Soap bubbles delight children and the young at heart, but they also have been objects of scientific study for centuries. Operating under the laws of physics, bubbles always try to minimize their surface area, even when many bubbles are aggregated together.
Now two Northwestern University scientists have demonstrated that the tendency to minimize surface area is not limited to soap bubbles but extends to living things as well. In a paper published Oct. 7 in the journal Nature, they show that cells within the retina take on shapes and pack together like soap bubbles, ultimately forming a pattern that is repeated again and again across the eye. Gaining insight into these patterns can help researchers understand the interplay between genetics and physics in cell formation.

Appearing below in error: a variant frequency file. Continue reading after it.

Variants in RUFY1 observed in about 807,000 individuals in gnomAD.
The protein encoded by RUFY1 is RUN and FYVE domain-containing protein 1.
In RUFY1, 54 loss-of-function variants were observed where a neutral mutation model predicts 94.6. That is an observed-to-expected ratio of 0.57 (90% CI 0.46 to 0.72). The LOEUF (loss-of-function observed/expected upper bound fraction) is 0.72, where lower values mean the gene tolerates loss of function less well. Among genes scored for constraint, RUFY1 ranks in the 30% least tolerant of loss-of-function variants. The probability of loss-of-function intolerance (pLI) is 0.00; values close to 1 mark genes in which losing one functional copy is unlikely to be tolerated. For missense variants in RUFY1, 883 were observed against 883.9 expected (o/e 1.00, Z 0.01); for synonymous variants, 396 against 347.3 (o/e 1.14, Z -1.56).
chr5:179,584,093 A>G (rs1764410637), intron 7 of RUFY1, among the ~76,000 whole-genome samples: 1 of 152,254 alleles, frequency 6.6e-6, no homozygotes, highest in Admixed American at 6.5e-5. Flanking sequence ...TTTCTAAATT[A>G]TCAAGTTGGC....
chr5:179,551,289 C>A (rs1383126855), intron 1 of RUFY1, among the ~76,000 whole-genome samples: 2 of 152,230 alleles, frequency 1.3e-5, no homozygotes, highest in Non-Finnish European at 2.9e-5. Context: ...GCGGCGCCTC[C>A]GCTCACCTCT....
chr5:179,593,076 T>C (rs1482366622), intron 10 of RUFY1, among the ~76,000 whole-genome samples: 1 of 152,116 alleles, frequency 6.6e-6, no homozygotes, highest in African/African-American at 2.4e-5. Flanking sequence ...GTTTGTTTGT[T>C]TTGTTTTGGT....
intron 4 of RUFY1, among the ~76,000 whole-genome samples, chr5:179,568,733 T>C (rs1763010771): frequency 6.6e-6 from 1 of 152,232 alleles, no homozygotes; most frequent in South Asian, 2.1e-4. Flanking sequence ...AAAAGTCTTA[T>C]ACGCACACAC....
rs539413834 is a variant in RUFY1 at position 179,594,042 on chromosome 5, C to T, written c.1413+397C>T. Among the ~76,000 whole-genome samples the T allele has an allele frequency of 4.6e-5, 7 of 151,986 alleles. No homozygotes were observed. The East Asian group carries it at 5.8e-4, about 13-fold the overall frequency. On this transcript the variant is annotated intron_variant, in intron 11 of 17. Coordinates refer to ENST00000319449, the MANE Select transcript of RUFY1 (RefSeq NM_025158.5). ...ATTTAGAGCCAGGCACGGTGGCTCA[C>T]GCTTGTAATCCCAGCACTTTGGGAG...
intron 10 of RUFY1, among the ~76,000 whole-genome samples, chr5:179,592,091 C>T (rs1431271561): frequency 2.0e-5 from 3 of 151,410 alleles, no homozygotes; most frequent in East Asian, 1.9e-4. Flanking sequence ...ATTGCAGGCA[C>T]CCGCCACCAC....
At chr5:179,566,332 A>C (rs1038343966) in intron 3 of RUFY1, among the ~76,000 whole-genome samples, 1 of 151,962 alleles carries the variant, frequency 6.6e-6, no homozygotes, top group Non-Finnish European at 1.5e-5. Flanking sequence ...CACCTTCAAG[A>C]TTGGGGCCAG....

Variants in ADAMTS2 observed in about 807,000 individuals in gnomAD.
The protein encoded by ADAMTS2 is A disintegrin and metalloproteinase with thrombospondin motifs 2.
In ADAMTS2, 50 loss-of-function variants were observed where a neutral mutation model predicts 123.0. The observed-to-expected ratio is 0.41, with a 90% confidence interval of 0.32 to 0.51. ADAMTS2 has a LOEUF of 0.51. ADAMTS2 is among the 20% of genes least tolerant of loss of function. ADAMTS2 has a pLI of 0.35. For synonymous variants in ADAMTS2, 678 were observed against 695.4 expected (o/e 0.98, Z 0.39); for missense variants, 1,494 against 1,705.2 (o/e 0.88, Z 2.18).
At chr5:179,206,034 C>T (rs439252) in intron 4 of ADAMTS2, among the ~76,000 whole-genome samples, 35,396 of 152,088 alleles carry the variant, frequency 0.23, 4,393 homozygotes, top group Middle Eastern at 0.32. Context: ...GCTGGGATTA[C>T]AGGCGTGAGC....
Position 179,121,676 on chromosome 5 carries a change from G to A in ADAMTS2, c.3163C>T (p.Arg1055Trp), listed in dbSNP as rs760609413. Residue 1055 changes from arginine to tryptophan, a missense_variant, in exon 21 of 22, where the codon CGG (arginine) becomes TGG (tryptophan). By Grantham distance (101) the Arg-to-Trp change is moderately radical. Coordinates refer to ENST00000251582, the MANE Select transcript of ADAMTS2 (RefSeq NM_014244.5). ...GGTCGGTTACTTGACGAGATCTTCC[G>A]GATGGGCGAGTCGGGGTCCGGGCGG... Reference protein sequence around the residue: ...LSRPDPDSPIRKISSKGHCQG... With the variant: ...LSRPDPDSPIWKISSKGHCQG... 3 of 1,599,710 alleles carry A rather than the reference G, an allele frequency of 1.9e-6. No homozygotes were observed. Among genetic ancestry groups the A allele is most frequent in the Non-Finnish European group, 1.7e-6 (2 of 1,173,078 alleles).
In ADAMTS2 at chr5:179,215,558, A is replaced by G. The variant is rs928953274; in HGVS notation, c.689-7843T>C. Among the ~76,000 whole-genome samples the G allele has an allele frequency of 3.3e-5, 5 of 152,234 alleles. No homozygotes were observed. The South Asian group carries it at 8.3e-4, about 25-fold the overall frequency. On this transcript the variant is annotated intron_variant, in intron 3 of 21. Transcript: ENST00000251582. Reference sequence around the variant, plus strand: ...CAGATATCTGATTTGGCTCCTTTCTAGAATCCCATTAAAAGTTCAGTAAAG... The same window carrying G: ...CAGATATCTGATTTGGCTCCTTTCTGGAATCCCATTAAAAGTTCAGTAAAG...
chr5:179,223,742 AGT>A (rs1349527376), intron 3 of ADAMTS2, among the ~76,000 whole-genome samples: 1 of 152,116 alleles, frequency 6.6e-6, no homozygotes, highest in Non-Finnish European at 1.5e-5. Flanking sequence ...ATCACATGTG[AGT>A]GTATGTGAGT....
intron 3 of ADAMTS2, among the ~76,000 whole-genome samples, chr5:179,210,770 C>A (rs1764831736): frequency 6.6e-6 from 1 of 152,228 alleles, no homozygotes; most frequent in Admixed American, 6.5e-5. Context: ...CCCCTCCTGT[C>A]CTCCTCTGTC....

"The cells we studied, those found in the retina of the fruit fly, adopt mathematically predictable shapes and configurations," said Richard W. Carthew, professor of biochemistry, molecular biology and cell biology and a co-author on the paper. "Like bubbles, life has co-opted a physical tendency for surfaces to be minimized and has harnessed it to design intricate cellular patterns within complex structures such as the eye."
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